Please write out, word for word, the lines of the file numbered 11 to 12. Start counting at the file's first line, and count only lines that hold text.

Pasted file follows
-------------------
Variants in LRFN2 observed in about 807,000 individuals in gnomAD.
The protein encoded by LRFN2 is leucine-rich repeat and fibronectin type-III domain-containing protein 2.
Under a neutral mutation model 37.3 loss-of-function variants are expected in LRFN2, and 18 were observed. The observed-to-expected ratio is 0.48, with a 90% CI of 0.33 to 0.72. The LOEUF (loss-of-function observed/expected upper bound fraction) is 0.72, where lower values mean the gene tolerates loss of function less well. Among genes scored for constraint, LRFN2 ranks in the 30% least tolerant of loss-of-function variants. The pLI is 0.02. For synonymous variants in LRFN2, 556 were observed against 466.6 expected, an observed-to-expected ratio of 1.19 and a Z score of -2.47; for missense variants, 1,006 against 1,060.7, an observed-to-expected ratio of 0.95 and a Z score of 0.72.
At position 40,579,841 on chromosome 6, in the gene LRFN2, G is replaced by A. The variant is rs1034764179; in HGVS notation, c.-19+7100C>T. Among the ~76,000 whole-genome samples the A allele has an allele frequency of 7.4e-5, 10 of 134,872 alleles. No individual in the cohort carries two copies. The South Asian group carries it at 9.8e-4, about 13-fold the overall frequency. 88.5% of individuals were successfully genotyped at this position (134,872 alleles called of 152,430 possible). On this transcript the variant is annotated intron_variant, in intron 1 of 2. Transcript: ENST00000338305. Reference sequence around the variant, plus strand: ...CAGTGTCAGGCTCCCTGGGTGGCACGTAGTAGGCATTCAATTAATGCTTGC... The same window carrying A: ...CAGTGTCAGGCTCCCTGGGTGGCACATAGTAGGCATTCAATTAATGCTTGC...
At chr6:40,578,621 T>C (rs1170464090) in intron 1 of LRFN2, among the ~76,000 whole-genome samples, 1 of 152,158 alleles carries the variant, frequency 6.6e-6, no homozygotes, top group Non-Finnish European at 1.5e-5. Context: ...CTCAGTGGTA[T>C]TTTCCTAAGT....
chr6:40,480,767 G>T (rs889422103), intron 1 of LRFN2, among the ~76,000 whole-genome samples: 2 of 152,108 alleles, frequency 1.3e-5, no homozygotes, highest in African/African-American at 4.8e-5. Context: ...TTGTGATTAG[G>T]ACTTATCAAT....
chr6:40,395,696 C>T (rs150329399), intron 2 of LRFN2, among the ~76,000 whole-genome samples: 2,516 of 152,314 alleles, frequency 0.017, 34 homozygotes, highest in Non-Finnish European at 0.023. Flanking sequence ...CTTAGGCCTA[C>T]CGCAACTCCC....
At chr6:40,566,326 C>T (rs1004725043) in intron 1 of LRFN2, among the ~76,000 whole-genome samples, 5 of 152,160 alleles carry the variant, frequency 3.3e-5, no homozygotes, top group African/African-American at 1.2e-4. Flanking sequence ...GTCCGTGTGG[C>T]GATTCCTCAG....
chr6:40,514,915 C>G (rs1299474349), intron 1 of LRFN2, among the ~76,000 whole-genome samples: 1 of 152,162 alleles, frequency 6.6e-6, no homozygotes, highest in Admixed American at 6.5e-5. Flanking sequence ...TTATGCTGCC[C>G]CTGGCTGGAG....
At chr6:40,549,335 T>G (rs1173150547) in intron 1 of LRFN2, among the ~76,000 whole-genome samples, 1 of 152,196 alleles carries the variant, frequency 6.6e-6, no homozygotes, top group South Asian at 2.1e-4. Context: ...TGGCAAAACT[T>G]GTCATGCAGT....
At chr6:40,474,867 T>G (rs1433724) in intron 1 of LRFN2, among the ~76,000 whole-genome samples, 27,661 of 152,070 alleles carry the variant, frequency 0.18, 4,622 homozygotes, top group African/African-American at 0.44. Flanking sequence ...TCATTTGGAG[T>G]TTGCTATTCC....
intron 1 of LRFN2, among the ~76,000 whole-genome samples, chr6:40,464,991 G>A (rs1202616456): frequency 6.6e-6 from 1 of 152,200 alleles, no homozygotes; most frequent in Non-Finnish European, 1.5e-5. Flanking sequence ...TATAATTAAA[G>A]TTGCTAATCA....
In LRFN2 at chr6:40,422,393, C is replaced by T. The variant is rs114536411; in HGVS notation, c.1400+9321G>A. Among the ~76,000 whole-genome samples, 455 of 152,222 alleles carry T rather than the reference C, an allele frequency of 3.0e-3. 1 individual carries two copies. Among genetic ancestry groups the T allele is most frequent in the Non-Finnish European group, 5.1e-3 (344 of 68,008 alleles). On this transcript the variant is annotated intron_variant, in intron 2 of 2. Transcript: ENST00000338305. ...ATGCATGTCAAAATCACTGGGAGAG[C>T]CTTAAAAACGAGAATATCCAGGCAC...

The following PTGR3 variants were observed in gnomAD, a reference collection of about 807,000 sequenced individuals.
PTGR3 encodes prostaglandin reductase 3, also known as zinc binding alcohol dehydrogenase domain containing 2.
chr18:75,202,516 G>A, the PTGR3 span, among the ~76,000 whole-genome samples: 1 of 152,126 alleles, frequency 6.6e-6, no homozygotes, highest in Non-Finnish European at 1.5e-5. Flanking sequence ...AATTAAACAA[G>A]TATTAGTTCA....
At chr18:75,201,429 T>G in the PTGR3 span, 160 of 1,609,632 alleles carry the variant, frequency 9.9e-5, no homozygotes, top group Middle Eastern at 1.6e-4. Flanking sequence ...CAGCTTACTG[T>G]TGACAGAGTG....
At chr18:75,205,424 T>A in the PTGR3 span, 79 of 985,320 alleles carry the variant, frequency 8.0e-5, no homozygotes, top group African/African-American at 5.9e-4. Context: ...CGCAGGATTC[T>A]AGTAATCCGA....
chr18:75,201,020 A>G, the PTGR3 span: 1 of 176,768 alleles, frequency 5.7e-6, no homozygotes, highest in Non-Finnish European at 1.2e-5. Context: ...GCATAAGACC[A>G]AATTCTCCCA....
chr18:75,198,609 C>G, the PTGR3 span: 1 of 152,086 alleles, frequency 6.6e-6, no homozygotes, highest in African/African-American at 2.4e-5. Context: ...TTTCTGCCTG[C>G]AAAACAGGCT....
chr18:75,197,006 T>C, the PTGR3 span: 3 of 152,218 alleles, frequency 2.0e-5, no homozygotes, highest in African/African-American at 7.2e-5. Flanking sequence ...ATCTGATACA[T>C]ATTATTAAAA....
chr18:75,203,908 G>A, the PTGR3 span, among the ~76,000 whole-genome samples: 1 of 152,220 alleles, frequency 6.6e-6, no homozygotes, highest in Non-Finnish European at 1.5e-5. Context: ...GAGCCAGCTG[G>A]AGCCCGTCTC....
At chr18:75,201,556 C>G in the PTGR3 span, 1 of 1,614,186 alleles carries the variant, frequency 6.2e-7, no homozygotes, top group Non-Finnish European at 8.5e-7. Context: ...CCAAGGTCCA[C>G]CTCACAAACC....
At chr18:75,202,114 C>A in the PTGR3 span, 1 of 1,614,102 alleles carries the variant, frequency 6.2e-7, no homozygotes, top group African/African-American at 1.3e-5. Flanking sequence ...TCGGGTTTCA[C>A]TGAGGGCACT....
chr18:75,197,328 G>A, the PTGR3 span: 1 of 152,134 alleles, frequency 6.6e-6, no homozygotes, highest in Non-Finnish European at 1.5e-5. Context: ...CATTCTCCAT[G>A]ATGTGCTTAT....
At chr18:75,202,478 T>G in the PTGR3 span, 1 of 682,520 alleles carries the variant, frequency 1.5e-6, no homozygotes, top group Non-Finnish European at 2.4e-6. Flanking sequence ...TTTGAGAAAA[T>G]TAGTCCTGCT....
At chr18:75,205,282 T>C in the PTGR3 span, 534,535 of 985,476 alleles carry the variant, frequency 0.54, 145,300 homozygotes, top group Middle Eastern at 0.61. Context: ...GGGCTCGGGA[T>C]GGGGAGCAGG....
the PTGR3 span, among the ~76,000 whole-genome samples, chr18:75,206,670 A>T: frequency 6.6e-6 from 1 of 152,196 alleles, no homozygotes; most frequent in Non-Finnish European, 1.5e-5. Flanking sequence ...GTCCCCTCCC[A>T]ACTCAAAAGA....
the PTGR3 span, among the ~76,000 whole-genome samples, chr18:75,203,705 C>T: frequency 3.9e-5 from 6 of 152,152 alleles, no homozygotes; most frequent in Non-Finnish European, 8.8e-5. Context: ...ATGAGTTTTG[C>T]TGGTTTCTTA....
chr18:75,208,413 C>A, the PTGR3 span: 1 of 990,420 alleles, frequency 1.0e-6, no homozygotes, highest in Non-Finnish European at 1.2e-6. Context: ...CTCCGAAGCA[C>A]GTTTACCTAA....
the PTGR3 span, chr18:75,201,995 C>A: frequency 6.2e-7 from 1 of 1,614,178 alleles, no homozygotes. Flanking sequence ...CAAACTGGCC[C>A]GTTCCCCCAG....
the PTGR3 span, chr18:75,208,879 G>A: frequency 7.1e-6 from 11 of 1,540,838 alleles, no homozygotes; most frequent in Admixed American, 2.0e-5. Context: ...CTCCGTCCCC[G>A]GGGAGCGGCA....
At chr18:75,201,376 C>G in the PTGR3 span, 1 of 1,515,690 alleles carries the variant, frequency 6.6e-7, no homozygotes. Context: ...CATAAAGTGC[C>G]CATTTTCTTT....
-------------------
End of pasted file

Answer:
At chr6:40,474,867 T>G (rs1433724) in intron 1 of LRFN2, among the ~76,000 whole-genome samples, 27,661 of 152,070 alleles carry the variant, frequency 0.18, 4,622 homozygotes, top group African/African-American at 0.44. Flanking sequence ...TCATTTGGAG[T>G]TTGCTATTCC....
intron 1 of LRFN2, among the ~76,000 whole-genome samples, chr6:40,464,991 G>A (rs1202616456): frequency 6.6e-6 from 1 of 152,200 alleles, no homozygotes; most frequent in Non-Finnish European, 1.5e-5. Flanking sequence ...TATAATTAAA[G>A]TTGCTAATCA....